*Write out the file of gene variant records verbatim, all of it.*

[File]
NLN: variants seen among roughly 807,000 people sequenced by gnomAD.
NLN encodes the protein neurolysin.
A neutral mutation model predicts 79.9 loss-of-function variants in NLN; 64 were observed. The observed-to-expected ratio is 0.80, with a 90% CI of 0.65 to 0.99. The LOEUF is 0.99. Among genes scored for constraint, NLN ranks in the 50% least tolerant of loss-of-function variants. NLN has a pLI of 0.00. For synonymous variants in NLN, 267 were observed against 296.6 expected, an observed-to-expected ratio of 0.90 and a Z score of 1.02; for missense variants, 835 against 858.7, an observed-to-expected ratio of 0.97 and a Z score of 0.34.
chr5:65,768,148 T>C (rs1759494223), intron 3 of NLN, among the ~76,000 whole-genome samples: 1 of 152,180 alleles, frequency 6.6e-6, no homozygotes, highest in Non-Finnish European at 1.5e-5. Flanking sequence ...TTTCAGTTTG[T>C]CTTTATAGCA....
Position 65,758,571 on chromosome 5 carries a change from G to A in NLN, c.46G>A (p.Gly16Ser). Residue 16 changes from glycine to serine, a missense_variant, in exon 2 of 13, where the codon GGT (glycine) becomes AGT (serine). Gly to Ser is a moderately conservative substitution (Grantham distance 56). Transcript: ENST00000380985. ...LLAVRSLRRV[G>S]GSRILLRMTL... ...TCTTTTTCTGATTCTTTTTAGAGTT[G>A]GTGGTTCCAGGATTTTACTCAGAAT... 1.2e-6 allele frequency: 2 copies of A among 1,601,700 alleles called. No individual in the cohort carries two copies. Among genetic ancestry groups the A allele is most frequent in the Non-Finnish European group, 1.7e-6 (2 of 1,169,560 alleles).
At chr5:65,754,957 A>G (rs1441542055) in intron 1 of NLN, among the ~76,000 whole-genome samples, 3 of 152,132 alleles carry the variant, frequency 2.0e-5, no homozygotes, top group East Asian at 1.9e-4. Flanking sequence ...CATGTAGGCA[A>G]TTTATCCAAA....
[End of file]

NLN: variants seen among roughly 807,000 people sequenced by gnomAD.
NLN encodes the protein neurolysin.
A neutral mutation model predicts 79.9 loss-of-function variants in NLN; 64 were observed. The observed-to-expected ratio is 0.80, with a 90% CI of 0.65 to 0.99. The LOEUF is 0.99. Among genes scored for constraint, NLN ranks in the 50% least tolerant of loss-of-function variants. NLN has a pLI of 0.00. For synonymous variants in NLN, 267 were observed against 296.6 expected, an observed-to-expected ratio of 0.90 and a Z score of 1.02; for missense variants, 835 against 858.7, an observed-to-expected ratio of 0.97 and a Z score of 0.34.
chr5:65,768,148 T>C (rs1759494223), intron 3 of NLN, among the ~76,000 whole-genome samples: 1 of 152,180 alleles, frequency 6.6e-6, no homozygotes, highest in Non-Finnish European at 1.5e-5. Flanking sequence ...TTTCAGTTTG[T>C]CTTTATAGCA....
Position 65,758,571 on chromosome 5 carries a change from G to A in NLN, c.46G>A (p.Gly16Ser). Residue 16 changes from glycine to serine, a missense_variant, in exon 2 of 13, where the codon GGT (glycine) becomes AGT (serine). Gly to Ser is a moderately conservative substitution (Grantham distance 56). Transcript: ENST00000380985. ...LLAVRSLRRV[G>S]GSRILLRMTL... ...TCTTTTTCTGATTCTTTTTAGAGTT[G>A]GTGGTTCCAGGATTTTACTCAGAAT... 1.2e-6 allele frequency: 2 copies of A among 1,601,700 alleles called. No individual in the cohort carries two copies. Among genetic ancestry groups the A allele is most frequent in the Non-Finnish European group, 1.7e-6 (2 of 1,169,560 alleles).
At chr5:65,754,957 A>G (rs1441542055) in intron 1 of NLN, among the ~76,000 whole-genome samples, 3 of 152,132 alleles carry the variant, frequency 2.0e-5, no homozygotes, top group East Asian at 1.9e-4. Flanking sequence ...CATGTAGGCA[A>G]TTTATCCAAA....